Hands in the dirt
I might have mentioned here that I deleted most social media apps off my phone aside from Instagram and Dribbble—Instagram because it's my favorite app, and Dribbble because it's a quick and painless way for me to share some of my designs without too much commitment.
The reason I got rid of them is to eliminate as much distraction as possible, but there was another, more powerful benefit that I considered at first, but didn't realize how much it would affect me.
With no access to Twitter and Facebook, I wasn't getting the deluge of political dissonance. I feel like the majority of content I've consumed since Donald Trump decided to enter the race for President of the United States, I've been hit over the head with one angry story or meme after another. I was partly to blame for a while, but I made a choice recently to stop (or at least significantly reduce) sharing my political views on social media because I no longer wanted to add to the flood.
I still have my moments of weakness, especially when I read stories about the crazy stuff that man in the White House proclaims, but before I press that share button now, I'm giving myself a few seconds to consider if it's really helping. I don't know the answer, but since I do know that it makes me feel worse to see nothing but that stuff in my feed, then I'd rather not be part of the problem.
Making a victory garden
We have this patch of dirt in our backyard that I keep meaning to turn into a garden. I tried once unsuccessfully but I want to give it another shot come Spring. I was browsing through a seed catalog, deciding what I want to plant, and the thought struck me that when you plant seeds, you pretty much know what you're going to get.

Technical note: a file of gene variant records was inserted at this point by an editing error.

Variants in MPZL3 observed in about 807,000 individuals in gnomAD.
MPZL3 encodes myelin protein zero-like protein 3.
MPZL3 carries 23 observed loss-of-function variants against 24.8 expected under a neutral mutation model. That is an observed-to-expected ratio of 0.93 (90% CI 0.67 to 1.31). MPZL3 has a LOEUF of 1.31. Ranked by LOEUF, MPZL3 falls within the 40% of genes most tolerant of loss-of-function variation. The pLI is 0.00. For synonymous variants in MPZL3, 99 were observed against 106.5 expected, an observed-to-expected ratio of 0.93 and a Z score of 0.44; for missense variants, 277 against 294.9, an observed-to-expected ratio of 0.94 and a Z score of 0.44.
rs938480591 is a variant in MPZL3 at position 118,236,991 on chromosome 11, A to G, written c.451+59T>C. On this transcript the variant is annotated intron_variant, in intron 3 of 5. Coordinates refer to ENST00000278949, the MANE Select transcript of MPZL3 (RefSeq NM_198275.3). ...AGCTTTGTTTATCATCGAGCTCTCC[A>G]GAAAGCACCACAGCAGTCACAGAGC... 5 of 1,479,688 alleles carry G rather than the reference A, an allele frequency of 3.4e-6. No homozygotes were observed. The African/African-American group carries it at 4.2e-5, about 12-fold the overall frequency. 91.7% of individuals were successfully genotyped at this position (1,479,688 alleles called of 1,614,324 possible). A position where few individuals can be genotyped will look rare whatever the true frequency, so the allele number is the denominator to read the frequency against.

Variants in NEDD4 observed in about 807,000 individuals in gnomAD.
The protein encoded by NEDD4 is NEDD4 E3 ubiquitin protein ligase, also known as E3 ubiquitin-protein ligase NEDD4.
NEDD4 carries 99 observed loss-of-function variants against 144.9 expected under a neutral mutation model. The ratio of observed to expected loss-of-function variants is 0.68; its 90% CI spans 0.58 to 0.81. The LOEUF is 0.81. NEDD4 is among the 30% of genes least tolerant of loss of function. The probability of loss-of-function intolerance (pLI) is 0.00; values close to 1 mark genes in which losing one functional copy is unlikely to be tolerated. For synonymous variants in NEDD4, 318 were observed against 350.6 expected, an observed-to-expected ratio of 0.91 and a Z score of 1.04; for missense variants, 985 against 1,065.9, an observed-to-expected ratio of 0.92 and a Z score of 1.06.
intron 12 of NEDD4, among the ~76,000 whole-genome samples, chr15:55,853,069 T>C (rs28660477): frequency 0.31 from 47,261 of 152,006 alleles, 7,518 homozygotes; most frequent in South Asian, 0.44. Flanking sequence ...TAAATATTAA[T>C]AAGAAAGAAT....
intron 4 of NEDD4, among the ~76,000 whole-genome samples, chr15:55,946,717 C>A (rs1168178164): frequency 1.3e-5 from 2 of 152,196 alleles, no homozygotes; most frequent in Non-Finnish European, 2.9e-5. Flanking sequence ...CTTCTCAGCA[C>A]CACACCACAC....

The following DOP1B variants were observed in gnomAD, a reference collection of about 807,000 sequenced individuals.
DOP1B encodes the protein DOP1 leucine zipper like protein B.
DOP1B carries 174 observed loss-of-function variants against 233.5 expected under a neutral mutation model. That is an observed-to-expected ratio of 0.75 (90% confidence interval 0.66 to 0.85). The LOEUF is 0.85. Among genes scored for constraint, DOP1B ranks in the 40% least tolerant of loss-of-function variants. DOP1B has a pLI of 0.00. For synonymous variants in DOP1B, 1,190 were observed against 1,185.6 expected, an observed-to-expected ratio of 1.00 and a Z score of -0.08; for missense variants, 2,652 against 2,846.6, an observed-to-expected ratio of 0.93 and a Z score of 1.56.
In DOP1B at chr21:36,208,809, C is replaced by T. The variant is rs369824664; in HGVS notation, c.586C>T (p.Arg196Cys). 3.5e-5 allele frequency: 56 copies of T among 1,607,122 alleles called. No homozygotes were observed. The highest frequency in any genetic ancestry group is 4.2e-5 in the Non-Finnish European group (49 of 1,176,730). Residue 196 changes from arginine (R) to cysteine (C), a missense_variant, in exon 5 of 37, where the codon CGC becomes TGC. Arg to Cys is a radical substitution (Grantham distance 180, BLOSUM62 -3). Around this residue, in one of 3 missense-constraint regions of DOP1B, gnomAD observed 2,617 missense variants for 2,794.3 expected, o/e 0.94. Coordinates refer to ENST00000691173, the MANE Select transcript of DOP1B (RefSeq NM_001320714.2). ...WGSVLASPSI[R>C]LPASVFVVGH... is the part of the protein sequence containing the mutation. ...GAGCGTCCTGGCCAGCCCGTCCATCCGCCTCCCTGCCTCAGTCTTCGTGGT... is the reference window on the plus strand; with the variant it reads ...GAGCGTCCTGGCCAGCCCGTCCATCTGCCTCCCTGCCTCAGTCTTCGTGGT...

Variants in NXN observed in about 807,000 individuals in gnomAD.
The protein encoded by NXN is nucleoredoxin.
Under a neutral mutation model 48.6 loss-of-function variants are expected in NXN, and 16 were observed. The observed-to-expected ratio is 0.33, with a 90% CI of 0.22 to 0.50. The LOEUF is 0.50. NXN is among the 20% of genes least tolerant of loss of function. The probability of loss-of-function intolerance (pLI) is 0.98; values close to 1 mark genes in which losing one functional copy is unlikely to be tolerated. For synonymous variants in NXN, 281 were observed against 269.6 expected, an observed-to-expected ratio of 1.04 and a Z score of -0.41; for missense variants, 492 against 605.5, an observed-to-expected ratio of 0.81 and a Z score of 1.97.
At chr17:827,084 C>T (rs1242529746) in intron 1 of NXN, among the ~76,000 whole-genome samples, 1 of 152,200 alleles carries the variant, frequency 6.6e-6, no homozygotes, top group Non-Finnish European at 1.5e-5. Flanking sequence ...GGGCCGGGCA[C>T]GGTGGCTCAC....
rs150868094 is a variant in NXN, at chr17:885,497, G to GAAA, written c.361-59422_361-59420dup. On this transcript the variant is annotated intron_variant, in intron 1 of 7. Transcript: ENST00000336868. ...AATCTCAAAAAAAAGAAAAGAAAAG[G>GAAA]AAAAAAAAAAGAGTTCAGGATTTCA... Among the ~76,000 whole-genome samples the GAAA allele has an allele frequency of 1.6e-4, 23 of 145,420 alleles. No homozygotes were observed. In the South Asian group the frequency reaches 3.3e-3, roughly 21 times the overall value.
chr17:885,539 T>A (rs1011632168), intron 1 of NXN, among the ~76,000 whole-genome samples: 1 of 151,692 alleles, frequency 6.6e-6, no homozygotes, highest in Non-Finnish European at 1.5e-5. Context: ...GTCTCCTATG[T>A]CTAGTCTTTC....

If you plant carrot seeds, you get carrots.
If you plant corn, you get corn.
If you do things correctly, you know the results you're going to get.
I can't say for sure if the science is the same, but I'm guessing that the same translates to what we put out into the world.
If you plant seeds of dissonance, you're going to get more dissonance.
If you plant seeds of appreciation and love, you'll get more appreciation and love back.
One of the reasons my previous gardening attempt didn't work is because my soil wasn't the best. I didn't do a soil test, but I'm certain if I did, I'm sure the ph balance would have been off.
Soil that's too acidic or too alkaline on the ph scale can kill the seedling before it starts. Also, when a soil if out of balance, it might take an entire season to get it back in balance before you can plant again. Unfortunately, I learned this after it was too late.
That could also apply to what we share on social media. I was sharing my creative work consistently, but interspersed with the occasional post about my sociopolitical leanings. Looking back over the past few years, it's easy to recognize that my lack of growth may have come from putting my seeds in bad soil.
When I started working for myself, I did so with the purpose of helping other creatives do their work better, but as time went on, I started to work my internally, focused on my own creative work.
After removing the social media from my phone, I started feeling better about life in general, and I got clarity about the overall attitude of my work. What I produced had grown dark, not necessarily negative, but definitely a more foreboding presence than the work I'd done in the past.
With some contemplative consideration, I decided that I want my work to inspire others. I want it to bring light into people's lives and make them think positively on themselves whenever they see it. I'm not talking rainbows and unicorns, but definitely not some of the doom and gloom, "you are gonna die, so get to work," aesthetic of some of my recent work.
The way I see it is, if I plant these seeds of positivity into fertile ground, it will bring more positivity back to me. So yeah, a tad bit selfish, but only for the most generous of reasons—at least that's what I tell myself.
The proof is in the practice, so it's time to get my hands in the dirt.